People are up in arms about signs at the Victoria and Albert Museum (V&A) banning not just photography but also sketching in its latest temporary exhibition, Undressed: A Brief History of Underwear. Posted at the exhibition’s entrance, they were first noticed by the Guardian’s Oliver Wainwright, who wrote that the signs “betray everything museums stand for.”
After speaking with a museum spokesperson, he explained that the rule is implemented for logistical reasons: the V&A anticipates long lines for the underwear-filled exhibition, and artists sketching skivvies for prolonged periods may cause traffic to get bunched up in the galleries. This is actually not the first time the V&A has implemented such a policy, Wainwright writes, reporting that the museum’s David Bowie exhibition in 2013 adopted the same measures. When Hyperallergic reached out to the V&A, however, we received a different explanation, with a spokesperson emphasizing that “it’s an issue with loan agreements.
“Visitors to the V&A are welcome to sketch within the permanent galleries,” the spokesperson explained. “We also allow visitors to sketch in temporary exhibitions, providing loan conditions permit.”
The statement is in direct contrast with Wainwright’s writing that “the draconian rule … has nothing to do with protecting intellectual property, or abiding by the terms of strict loan agreements.”
On its website, the museum simply states that as part of its guidelines for using its galleries, “Sketching is not permitted in exhibitions” — a vague line that suggests you should simply leave your pencils and sketchpads at home. So it seems the larger problem here that has bred confusion and heated backlash is not the undergarment-centric exhibition’s no-drawing policy, but rather the museum’s conveyance of its protocol. Staff members should post the rule clearly both online and in galleries, accompanied by a proper explanation of the museum’s intentions (policies against flash photography and videos do note that private loans are the reason for the restriction).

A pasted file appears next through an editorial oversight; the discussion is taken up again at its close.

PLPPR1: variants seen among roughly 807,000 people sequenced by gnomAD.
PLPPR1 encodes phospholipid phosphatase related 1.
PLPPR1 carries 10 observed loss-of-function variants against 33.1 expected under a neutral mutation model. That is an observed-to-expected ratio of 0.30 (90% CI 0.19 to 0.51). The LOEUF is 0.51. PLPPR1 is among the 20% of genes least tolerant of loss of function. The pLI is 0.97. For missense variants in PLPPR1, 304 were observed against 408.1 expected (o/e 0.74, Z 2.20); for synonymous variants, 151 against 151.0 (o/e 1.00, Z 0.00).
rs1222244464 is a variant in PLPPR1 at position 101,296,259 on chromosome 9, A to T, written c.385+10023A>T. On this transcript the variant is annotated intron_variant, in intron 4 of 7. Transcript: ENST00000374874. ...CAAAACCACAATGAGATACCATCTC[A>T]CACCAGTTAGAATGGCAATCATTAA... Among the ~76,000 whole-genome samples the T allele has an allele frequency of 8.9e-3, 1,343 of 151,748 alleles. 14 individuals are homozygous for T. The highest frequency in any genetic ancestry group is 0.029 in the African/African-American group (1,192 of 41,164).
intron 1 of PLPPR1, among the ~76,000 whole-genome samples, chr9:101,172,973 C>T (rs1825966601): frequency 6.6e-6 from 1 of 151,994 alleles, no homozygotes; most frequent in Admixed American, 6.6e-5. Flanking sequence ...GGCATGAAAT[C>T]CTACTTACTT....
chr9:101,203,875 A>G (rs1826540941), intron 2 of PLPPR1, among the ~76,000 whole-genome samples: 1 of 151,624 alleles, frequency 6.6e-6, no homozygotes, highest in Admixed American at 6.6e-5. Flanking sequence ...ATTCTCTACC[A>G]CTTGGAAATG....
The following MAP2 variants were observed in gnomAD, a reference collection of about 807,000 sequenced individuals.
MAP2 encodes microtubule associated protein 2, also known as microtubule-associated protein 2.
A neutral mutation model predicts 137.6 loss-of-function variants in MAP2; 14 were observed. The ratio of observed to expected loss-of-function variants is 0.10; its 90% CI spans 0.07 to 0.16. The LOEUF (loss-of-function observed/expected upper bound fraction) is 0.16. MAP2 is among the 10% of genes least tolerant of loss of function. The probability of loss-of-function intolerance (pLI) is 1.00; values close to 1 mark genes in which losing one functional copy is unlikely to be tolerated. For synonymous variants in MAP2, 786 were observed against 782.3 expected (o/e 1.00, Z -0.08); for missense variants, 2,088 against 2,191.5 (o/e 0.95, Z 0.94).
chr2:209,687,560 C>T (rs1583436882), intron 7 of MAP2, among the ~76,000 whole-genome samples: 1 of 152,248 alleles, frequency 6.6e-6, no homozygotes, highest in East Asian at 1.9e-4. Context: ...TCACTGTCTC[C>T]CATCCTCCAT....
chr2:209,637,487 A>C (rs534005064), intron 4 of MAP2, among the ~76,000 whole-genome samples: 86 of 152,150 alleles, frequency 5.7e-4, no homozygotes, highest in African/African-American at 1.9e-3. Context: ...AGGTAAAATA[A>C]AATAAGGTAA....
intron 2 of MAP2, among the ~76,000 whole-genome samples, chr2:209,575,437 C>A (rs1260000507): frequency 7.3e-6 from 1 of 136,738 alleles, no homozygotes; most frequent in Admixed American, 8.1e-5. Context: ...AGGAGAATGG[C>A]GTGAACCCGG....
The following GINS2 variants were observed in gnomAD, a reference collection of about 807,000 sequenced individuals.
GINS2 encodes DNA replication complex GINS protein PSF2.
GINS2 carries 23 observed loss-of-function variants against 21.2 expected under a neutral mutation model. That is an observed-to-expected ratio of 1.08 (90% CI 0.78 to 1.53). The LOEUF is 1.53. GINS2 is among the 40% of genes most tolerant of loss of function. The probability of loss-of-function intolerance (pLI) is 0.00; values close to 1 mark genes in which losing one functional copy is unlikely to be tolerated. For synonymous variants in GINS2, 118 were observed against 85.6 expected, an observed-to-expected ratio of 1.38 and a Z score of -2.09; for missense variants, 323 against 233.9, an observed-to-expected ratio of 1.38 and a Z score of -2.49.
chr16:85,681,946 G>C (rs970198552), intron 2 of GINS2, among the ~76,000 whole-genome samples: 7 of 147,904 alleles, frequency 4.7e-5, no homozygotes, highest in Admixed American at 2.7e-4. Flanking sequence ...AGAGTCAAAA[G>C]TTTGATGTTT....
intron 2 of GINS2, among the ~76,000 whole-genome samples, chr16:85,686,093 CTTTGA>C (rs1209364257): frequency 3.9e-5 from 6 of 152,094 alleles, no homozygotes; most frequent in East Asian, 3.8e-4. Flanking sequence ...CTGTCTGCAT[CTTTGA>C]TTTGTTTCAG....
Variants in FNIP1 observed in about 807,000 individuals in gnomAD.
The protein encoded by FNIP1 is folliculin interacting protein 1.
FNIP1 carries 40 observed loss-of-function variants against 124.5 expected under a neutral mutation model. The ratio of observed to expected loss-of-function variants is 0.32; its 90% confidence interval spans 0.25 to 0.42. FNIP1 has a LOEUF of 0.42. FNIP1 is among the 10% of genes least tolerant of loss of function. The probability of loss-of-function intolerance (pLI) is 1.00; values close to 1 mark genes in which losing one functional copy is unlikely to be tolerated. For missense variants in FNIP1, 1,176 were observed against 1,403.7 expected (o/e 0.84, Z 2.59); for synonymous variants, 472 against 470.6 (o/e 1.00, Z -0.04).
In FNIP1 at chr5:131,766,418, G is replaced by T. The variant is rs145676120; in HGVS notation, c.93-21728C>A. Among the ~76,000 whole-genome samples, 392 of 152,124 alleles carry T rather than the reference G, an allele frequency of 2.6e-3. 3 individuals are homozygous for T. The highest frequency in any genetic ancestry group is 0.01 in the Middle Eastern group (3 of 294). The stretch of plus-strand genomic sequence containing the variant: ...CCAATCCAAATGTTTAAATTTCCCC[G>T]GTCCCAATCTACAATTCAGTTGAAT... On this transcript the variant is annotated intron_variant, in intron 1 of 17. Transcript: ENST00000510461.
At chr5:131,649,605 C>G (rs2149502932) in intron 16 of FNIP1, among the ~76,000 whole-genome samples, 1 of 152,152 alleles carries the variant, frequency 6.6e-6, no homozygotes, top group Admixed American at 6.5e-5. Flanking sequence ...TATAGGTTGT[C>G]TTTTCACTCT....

Such a prohibition is actually not that rare, and there are even more sweeping ones than the V&A’s. The Art Institute of Chicago has a similar policy, although its website simply states, “Drawing and sketching are not not allowed in special exhibitions.” The Royal Ontario Museum, too, does not explain why it restricts sketching to only permanent galleries. Australia’s National Gallery of Victoria explains online that visitors may not sketch in its exhibitions due to loan conditions. And Seattle’s Frye Art Museum has a detailed sketching policy that differentiates between sketching and copying; it notes that “copyists” must understand that their drawings are nothing more than reproductions.
Most museums, however, have liberal policies toward sketching. London’s National Gallery explicitly welcomes drawing in both its permanent collection galleries and its temporary exhibitions; it’s joined by institutions including MoMA, the Guggenheim, the Portland Museum of Art, and the Museum of Fine Arts, Boston — which allows drawing and sketching in all galleries, but painting in only its permanent collections. And then there’s the Rijksmuseum, which last November launched a campaign to promote sketching over photography that involves doling out free sketch paper and pencils.
While it’s unfortunate that artists are unable to draw certain works of art in buildings intended to educate, no museum should be shamed for a policy that is far from unique and that really stems from legally binding contracts.